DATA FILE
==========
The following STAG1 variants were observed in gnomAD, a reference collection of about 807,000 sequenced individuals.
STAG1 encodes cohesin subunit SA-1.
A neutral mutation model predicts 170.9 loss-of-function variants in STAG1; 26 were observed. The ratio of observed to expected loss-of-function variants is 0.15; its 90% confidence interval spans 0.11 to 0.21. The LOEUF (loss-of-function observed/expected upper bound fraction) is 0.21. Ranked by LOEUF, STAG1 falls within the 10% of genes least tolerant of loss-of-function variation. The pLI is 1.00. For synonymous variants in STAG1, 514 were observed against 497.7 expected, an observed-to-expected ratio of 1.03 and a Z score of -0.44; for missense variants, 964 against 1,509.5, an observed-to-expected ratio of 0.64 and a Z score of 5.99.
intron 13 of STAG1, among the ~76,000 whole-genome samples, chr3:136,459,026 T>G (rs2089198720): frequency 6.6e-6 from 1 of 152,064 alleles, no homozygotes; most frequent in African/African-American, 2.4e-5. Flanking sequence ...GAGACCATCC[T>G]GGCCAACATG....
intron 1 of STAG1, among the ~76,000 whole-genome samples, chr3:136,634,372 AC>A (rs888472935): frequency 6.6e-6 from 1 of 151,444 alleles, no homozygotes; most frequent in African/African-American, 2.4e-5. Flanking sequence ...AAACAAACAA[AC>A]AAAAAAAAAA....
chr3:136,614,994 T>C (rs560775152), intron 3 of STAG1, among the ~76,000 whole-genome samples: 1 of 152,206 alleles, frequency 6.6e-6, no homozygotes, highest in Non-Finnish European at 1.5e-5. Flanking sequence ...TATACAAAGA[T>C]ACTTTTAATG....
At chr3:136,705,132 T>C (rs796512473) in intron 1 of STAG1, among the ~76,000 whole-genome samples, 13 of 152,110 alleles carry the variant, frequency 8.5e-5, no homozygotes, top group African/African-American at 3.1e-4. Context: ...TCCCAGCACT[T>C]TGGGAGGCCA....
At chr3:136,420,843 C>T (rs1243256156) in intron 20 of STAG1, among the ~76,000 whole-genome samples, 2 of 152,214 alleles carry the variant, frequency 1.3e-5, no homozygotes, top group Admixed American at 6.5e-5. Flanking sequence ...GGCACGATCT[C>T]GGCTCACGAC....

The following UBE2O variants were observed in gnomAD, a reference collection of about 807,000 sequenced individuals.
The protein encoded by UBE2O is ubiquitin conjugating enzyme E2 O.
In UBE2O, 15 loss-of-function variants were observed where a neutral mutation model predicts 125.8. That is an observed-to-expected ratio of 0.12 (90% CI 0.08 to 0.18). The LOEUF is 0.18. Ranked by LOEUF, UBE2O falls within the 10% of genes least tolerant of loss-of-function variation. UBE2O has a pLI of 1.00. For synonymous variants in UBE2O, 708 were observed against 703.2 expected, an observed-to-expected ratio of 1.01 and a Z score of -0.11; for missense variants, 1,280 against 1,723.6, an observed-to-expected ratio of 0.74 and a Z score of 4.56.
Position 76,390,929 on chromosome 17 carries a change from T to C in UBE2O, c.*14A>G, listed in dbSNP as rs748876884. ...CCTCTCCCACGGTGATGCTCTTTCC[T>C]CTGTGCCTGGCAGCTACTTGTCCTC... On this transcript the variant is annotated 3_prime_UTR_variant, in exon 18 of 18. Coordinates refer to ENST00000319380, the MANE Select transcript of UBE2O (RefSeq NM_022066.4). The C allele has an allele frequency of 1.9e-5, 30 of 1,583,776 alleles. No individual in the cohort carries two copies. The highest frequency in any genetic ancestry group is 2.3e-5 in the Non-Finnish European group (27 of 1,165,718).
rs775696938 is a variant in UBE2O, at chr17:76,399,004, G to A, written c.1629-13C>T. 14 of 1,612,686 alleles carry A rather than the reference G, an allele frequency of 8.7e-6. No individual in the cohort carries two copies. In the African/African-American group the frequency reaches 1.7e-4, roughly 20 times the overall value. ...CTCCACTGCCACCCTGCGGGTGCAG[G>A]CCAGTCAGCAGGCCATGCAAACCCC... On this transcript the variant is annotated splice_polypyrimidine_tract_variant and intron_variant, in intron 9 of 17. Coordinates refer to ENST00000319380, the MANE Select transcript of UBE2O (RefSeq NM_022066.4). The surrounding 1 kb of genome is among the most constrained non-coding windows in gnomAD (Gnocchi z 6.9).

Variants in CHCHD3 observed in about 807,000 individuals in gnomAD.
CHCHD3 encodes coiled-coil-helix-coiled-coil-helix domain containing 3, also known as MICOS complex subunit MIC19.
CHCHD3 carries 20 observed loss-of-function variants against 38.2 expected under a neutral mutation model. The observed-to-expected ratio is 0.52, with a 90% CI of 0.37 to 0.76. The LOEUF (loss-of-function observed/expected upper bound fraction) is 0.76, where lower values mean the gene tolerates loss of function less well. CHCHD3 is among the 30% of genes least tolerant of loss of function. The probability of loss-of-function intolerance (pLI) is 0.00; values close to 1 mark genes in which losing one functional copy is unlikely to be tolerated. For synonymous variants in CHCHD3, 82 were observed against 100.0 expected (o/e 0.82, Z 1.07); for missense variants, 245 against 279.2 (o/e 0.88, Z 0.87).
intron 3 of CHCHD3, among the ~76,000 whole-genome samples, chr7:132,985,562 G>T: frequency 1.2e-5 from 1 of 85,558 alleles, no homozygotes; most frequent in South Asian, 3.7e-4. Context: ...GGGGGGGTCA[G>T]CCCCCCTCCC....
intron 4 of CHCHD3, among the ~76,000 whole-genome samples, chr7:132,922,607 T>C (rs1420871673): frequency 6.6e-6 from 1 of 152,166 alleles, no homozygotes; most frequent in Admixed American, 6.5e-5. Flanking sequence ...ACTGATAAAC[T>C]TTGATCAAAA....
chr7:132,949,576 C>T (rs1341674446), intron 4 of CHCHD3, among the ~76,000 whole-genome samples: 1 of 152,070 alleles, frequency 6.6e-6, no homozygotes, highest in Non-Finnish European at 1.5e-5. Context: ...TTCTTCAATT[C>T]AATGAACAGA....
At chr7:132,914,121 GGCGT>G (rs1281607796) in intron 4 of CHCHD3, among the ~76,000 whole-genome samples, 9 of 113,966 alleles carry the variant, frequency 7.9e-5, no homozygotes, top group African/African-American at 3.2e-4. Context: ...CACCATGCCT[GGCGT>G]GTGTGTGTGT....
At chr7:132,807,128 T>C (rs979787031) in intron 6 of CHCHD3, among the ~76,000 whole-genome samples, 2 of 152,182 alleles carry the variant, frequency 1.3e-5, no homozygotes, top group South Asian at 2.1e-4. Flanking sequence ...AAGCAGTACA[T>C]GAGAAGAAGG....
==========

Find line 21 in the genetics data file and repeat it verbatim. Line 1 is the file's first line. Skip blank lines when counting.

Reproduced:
At chr7:132,807,128 T>C (rs979787031) in intron 6 of CHCHD3, among the ~76,000 whole-genome samples, 2 of 152,182 alleles carry the variant, frequency 1.3e-5, no homozygotes, top group South Asian at 2.1e-4. Flanking sequence ...AAGCAGTACA[T>C]GAGAAGAAGG....